Albion Rajkumar Banerji

Other names: 

Sir Albion Rajkumar Banerji


Balliol College
Broad Street
Oxford, OX1 3BJ
United Kingdom
51° 45' 16.1172" N, 1° 15' 24.2496" W
Red Lodge
Park Row
Bristol, BS1 5LJ
United Kingdom
51° 27' 19.2744" N, 2° 36' 7.6104" W
Date of birth: 
10 Sep 1871
City of birth: 
Country of birth: 
Date of death: 
01 Jan 1950
Precise date of death unknown: 
Dates of time spent in Britain: 

1871-2, 1894, 1895, 1929, 1936 (many other times as well)


Born in Bristol in 1871, Albion was the son of Sasipada Banerji, the Brahmo Samaj reformer and friend of Mary Carpenter. Upon his birth, he was hailed as the first Brahmin baby born in Britain and a letter was sent to the Queen by Mary Carpenter informing her of his birth. The family returned to India in 1872 but Albion was later to return to the UK for studies and to compete for the ICS. He had been educated at Calcutta University and then joined Balliol College, Oxford. He passed the ICS exams in 1894 and his first posting in 1895 was as Assistant Collector and Magistrate in Madras.

Subsequent posts that Banerji took up included the Diwan of Cochin (1907-14), the Diwan of Mysore (1922-7), and Foreign and Political Minister in Kashmir. At the Delhi Durbar of 1911, Albion was awarded the Companion of the Indian Empire (CIE).

Banerji was Honorary Treasurer for the World Congress of Faiths, 2nd International Congress of the World Fellowship of Faiths, London, 3-18 July 1936.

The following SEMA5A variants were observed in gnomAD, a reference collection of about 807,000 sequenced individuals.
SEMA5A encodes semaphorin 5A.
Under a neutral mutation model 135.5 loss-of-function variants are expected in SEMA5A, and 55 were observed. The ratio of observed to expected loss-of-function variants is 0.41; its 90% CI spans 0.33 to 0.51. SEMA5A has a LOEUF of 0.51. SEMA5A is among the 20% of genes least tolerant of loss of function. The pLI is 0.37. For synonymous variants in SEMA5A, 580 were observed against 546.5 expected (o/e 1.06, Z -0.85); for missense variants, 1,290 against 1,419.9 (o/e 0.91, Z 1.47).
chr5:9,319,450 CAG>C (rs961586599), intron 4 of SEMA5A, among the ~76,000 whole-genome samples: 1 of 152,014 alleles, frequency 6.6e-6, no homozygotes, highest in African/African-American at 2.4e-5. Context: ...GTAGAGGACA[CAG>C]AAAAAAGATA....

Sasipada Banerji (his father), Mary Carpenter (friend of his father), Earl Winterton (wrote forward for Indian Tangle), Sir Francis Younghusband (World Congress of Faiths), Marquess of Zetland (wrote introduction to An Indian Pathfinder).

Involved in events: 

2nd International Congress of the World Fellowship of Faiths, July 1936

Published works: 

The Indian Tangle (London: Hutchinson, 1933)

An Indian Pathfinder: Being the Memoirs of Sevabrata Sasipada Banerji, 1840-1924 (Oxford: Kemp Hall Press, 1934)

The Rhythm of Living: A Layman's Guide to Threefold Happiness in Body, Mind and Spirit, to Suit Modern Conditions, with Special Reference to Hindu Thought (London: Rider, 1940)

What is Wrong with India (Allahabad: Kitabistan, 1942)

Through an Indian Camera (Bangalore: Bangalore Printing & Publishing Co., 1946)

Looking Ahead in War Time (London: Harmony Press, n.d.)

Contributions to periodicals: 

Editor of Indian Affairs (1930-2)

Archive source: 

Two Portraits taken 4 September 1929, National Portrait Gallery, London